His next film, Undertow, did much to make it clear that Jamie Bell could make the leap from child actor to adult actor. The 2004 film stars the 18 year Bell as a troubled teenager on the run from a murderous uncle. Through the film split the critics, the performance of Bell and his co-star Devon Alan won them Young Artist Awards from the Young Artist Foundation.

There is no doubt that in winning the part of Tintin, Jamie Bell’s youth was significant. Having played one trouble teenager in Undertow, he played a similar role in Dear Wendy. This idiosyncratic film is about a group of gun-totting pacifist and was written by experimental film maker Lars von Trier. The Chumscrubber was Bell’s next film and once again he was playing a troubled teenager, though as a change of pace, this is a dark comedy. Here the focus is prescription medications, video games and the false ideal of middle class American suburbia.

Serkis & Jackson

His next film brought him back together with Andy Serkis. Bell got the part of Jimmy in Peter Jackson’s King Kong. Though only a minor role, it was no doubt that it was directly responsible for the casting of Jamie Bell as Tintin. Working with Serkis, Jackson, motion capture and a massive budget provided a great learning experience for Bell and a chance to shine before Peter Jackson.

Finally breaking through into more adult roles in his next film (though for Jamie Bell, Tintin may be a step back in this regard) with Hollywood legend Clint Eastwood. Flags of Our Fathers traces the story of the men who raised the flag on Iwo Jima and were captured on film by war photographer Joe Rosenthal.

Iwo Jima Flag

Then it was back to playing disturbed characters in low budget, UK films as Bell starred in the award winning Hallam Foe (Mr Foe in the US). Playing a part completely unlike the clean cut, asexual Tintin, Jamie Bell is the eponymous Hallam Foe. A voyeur with dark obsessions about his dead mother. The film won various awards and Bell was nominated for Best Actor in the British Independent Film Awards.

Another CGI, high budget film was next for Jamie Bell in Jumper. This was poorly received by the critics and was summed up by one reviewer as “A tightly made film that could have been so much better. “

Jamie Bell – Dirty and Dangerous

Having played numerous troubled teenagers in various dark film, there was one more before Jamie Bell became Tintin, and this was the Mother of all dark subject matters – the holocaust. Just released in the UK, Defiance is the story of Jewish resistance fighters in Eastern Europe. The film placed Bell alongside Daniel Craig who is to play Red Rackham in The Secret of the Unicorn. </p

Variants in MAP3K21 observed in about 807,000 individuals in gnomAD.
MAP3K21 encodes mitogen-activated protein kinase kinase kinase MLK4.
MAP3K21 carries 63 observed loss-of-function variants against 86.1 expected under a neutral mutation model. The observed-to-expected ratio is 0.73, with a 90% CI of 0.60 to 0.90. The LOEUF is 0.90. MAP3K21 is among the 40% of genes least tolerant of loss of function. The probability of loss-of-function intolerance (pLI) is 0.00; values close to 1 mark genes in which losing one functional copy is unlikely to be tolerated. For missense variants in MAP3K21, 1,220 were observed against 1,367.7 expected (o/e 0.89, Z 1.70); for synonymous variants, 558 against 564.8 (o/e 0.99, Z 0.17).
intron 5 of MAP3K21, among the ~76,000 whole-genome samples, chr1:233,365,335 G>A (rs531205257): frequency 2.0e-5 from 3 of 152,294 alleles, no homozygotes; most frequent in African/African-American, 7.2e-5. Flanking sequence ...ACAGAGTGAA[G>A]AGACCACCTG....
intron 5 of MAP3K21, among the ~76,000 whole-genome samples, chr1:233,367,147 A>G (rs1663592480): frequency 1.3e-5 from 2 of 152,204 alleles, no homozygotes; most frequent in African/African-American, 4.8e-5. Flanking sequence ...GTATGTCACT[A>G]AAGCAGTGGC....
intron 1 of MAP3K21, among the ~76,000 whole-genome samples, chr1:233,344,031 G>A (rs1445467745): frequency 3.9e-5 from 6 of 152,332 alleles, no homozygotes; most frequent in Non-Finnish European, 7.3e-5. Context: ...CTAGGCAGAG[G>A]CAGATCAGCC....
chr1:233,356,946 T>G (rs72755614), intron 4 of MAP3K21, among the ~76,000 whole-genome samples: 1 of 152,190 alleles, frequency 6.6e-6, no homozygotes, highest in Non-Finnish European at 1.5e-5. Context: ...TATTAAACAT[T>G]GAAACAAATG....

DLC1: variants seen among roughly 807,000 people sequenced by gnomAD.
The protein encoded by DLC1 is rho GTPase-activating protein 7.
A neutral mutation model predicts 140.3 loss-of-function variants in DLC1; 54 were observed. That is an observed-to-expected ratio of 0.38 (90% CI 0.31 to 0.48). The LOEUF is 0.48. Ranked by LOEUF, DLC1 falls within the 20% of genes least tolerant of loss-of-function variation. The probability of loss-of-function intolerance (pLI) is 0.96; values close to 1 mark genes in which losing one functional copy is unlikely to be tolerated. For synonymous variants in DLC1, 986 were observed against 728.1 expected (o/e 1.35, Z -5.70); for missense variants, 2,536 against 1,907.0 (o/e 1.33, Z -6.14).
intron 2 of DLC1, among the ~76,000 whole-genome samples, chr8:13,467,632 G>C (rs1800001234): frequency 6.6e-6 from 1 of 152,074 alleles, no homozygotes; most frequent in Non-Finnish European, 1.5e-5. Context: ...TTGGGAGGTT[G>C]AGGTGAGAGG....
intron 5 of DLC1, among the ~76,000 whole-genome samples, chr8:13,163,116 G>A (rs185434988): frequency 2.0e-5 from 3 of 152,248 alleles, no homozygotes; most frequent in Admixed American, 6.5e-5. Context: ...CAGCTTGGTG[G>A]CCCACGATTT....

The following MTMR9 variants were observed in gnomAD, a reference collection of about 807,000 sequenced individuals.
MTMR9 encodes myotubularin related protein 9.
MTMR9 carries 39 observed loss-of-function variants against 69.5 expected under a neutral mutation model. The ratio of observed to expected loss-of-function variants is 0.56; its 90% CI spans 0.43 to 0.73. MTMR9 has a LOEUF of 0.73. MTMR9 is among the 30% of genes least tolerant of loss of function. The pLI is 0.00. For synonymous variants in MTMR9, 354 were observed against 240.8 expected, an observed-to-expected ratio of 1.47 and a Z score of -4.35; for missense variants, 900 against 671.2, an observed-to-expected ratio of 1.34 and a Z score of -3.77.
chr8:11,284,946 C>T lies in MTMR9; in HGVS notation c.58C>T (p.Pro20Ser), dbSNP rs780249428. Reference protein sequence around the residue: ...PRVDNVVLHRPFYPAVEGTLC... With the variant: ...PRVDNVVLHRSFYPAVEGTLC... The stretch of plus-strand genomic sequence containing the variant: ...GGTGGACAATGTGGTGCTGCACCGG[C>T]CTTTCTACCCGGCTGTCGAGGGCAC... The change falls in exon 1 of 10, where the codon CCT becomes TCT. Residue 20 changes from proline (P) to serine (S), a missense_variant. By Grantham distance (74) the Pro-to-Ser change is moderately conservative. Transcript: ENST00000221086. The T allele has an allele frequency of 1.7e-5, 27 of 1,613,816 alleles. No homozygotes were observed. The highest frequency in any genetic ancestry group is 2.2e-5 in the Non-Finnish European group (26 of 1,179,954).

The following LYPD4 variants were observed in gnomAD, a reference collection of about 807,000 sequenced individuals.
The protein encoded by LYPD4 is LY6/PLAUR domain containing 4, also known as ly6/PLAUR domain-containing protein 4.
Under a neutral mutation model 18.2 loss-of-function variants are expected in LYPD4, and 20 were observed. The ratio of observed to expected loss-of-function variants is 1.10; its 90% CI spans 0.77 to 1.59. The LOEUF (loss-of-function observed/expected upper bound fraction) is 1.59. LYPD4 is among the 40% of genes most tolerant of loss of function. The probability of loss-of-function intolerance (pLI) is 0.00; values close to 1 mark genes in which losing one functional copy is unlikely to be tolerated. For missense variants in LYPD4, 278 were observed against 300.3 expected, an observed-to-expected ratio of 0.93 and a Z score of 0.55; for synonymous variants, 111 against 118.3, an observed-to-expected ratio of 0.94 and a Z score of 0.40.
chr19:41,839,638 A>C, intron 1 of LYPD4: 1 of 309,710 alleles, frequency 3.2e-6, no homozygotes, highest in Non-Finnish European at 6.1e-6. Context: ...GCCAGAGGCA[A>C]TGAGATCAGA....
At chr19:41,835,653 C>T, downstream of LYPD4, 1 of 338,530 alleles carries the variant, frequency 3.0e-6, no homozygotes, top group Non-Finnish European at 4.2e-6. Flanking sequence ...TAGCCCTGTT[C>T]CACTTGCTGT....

Tintin – Once, Twice, Three times?

Jamie Bell as Tintin is a great choice. He is an experienced film actor who can deliver great performances. Of special importance to motion capture films like The Secret of the Unicorn is the ability to move. Billy Elliot showed he has clear control of his body and in action films like Deathwatch, Jumpers and Defiance he has shown the right fighting dynamism to be Tintin. What will be interesting is what human qualities Bell will bring to Tintin. The comic book character is very flat and stereotyped, rarely displaying emotion except when angry at a bully or worried about Snowy. Getting the balance between making Tintin a living breathing character for the audience to empathise with and staying faithful to the books will be a difficult piece of acting.

If Jamie Bell pulls off Tintin, then at least one more film awaits. Peter Jackson is set to direct the second film and there is the possibility of a third. Though not confirmed, it seems likely that production of the second film will proceed soon after the first has finished. Probably adapting Red Rackham’s Treasure, the second part of the adventure started in The Secret of the Unicorn. If studios run to form, this will be released a year after the first. Production of the third film will only start if the first film proves to be a success.

Bell’s Big Chance

As Tintin, Jamie Bell has a once-in-a-lifetime opportunity. Working with Spielberg with a huge budget and an internationally famous character co
uld springboard Bell into Hollywood’s A-List. Becoming an action film hero and a sex symbol along the lines of Harrison Ford and Matt Damon is entirely possible. But that requires the film to be a smash and that is no easy thing to achieve, even when working with Spielberg and Jackson.

Red Rackham's Treasure, The Secret of the Unicorn

Written at the height of the war, whilst Belgium was under German occupation, The Secret of the Unicorn& Red Rackham’s Treasure are two of Herge’s most escapist books.

Starting the Treasure Hunt

Herge’s vagueness about where Tintin & Captain Haddock live is evident at the start of Red Rackham’s Treasure. It suggests that Tintin and friends live in a port city but Brussels is landlocked. However it could be construed that the scenes around the docks could be some distance from Tintin’s home. Or that Tintin and the Captain have taken temporary accommodation in the port.

The Sirius, Captain’s Haddock’s boat in the hunt for Red Rackham’s Treasure, must sail from a port. The ship is specifically described as a fishing traveller and Belgium has three fishing ports: Zeebrugge, Ostend and Nieuwpoort. For the Tintin Map project, I’ve picked Ostend as their home port because of its direct link to Brussels.